Technology

Android apps to run on Windows, Macs and Linux

Chrome netbook Image copyright AP
Image caption Google has made it possible for Android apps to run on machines that can run its Chrome browser and OS

Google has released a tool that lets Android apps run on any machine that can run its Chrome browser.

Called Arc Welder, the tool acts as a wrapper around Android apps so they can run on Windows, OSX and Linux machines.

The software expands the places that Android apps can run and might make it easier for developers to get code working on different machines.

But one developer said it was better to write apps that run "natively" rather than via separate software.

Native code

Arc - the App Runtime for Chrome - was first released in late 2014 as a way for Android apps to run on machines running Google's Chrome operating system. The OS is used on many netbooks and other small machines made by Google and some of its hardware partners.

Now Google has produced a new tool, called Arc Welder, which converts Android apps into versions that can be used with the Chrome browser, not just the OS. With Welder it has also added support for many Google Play services so when apps are converted they do not lose access to payment systems, maps and other functions they expect.

In its developer documentation, Google said the underlying technology for Arc Welder meant converted apps should run almost as quickly as they did on a phone or tablet.

With Arc Welder Google, it is seeking a way to help developers get their creations onto as many machines as possible, but one developer was not sure it would accomplish that aim.

Image copyright Google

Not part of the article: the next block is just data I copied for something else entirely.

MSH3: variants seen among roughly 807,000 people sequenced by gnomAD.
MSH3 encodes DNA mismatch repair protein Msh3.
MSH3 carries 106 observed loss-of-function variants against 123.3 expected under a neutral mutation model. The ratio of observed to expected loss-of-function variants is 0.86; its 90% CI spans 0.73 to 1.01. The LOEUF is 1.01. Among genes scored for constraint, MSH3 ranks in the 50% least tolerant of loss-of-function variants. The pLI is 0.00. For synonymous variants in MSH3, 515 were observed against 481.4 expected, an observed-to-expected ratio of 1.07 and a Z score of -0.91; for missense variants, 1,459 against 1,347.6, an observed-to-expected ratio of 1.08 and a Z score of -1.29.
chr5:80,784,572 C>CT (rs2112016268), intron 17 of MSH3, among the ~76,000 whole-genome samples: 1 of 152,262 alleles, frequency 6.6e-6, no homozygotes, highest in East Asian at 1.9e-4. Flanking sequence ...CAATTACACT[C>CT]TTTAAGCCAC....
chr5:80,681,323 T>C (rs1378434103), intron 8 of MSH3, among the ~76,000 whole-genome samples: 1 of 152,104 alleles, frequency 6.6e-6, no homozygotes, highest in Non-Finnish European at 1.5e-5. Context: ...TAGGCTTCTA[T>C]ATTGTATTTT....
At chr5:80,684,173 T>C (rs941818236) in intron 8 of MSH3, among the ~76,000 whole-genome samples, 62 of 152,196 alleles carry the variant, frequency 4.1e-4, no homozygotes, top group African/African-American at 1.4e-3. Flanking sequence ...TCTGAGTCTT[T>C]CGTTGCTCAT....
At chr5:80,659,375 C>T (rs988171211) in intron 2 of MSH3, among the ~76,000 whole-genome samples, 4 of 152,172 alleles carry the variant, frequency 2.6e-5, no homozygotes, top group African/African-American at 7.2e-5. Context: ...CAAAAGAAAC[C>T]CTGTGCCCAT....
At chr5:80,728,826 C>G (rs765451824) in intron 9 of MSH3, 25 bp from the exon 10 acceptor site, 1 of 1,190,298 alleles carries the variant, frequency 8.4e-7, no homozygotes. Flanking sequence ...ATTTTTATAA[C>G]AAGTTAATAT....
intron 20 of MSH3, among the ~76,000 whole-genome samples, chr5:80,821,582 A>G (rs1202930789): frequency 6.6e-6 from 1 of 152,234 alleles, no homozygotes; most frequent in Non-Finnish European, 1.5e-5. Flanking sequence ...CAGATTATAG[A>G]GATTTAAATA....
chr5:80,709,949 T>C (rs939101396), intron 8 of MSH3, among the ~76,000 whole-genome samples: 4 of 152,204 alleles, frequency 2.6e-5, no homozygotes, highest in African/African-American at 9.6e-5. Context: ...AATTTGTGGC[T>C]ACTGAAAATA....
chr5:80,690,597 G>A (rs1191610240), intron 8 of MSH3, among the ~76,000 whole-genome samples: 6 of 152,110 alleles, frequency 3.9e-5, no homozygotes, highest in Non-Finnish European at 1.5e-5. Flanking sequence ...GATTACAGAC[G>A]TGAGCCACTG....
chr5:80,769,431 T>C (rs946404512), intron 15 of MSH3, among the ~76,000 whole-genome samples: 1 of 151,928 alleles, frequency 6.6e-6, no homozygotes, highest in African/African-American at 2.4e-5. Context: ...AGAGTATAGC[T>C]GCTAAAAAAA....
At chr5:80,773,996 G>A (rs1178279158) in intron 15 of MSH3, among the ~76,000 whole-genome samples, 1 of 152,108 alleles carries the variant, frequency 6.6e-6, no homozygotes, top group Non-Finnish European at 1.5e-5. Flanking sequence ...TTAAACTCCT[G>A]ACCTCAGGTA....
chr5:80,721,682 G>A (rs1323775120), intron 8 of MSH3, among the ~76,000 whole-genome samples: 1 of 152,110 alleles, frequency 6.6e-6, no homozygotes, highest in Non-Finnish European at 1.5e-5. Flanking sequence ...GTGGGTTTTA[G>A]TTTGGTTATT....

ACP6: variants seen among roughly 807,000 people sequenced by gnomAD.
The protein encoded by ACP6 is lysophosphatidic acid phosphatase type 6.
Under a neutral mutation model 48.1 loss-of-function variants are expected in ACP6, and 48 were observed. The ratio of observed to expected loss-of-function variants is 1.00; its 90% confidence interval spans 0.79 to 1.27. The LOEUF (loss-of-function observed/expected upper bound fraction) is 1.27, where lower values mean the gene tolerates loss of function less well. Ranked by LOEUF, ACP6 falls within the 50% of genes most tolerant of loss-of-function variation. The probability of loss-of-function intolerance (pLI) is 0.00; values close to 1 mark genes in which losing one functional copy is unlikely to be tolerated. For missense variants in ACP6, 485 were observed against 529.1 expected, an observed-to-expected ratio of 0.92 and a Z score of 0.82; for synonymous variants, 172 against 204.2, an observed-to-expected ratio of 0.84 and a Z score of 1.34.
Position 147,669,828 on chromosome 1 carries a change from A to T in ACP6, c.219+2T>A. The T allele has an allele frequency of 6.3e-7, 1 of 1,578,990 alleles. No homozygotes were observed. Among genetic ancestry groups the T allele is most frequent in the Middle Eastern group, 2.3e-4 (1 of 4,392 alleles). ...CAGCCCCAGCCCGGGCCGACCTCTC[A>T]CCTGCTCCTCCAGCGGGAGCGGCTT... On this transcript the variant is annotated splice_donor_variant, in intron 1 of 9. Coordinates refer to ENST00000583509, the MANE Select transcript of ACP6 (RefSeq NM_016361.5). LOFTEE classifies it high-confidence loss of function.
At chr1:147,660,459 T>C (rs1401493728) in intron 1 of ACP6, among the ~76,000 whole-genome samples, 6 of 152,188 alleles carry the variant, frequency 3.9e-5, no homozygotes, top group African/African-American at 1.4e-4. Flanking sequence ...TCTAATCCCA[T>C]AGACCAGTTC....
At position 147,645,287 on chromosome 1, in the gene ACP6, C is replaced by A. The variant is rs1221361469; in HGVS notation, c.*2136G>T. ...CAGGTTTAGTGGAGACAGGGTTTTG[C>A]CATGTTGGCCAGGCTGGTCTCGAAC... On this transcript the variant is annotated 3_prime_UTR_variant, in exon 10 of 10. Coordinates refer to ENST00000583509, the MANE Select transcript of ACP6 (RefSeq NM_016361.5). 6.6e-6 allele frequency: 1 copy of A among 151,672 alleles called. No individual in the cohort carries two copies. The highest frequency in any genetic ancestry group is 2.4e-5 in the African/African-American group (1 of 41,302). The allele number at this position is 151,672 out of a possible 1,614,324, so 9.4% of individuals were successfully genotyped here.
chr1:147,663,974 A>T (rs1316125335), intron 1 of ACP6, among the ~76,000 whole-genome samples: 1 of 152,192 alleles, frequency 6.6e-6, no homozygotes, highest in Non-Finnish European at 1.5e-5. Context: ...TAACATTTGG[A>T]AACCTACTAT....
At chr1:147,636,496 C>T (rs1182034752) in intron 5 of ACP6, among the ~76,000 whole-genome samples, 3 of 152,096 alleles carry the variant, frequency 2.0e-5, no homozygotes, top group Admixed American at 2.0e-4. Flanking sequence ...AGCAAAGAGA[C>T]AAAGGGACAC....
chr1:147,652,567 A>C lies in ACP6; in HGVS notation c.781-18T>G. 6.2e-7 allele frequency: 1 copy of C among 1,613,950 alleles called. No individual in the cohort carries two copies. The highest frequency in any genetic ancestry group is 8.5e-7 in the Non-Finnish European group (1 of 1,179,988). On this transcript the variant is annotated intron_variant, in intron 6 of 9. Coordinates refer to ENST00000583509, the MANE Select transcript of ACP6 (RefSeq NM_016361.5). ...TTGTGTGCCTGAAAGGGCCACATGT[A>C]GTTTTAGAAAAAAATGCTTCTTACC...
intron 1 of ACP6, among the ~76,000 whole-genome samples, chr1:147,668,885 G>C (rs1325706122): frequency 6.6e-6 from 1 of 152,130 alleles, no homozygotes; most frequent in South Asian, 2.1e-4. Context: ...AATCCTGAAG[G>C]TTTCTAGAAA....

Image caption The software tool could see Android apps popping up on desktop machines

"The best way to make apps by far is to make them natively using the tools that they give us," said Sam Furr, director and co-founder of development studio The App Developers.

He said that moving away from those well-known development systems can mean losing some behaviours, such as touch combinations, that people expect. He also wondered if a converted app running via a browser sitting in a separate operating system would be as fast as one developed natively.

Running a phone app on a desktop would inevitably mean losing some functions, he said, because bigger computers lack some of the extras, such as accelerometers and GPS receivers, that are now standard on smartphones.

Mr Furr said the ability to reach lots of different operating systems with just one app was potentially attractive.

"When building an app you want to get it to as many people as possible but you have to ask how long it will take to get it on other platforms," he said.

"There's no shortage of cross-platform frameworks and some of them are very good," he said, "but in our experience you do not get the same end product as you would when you build it natively."

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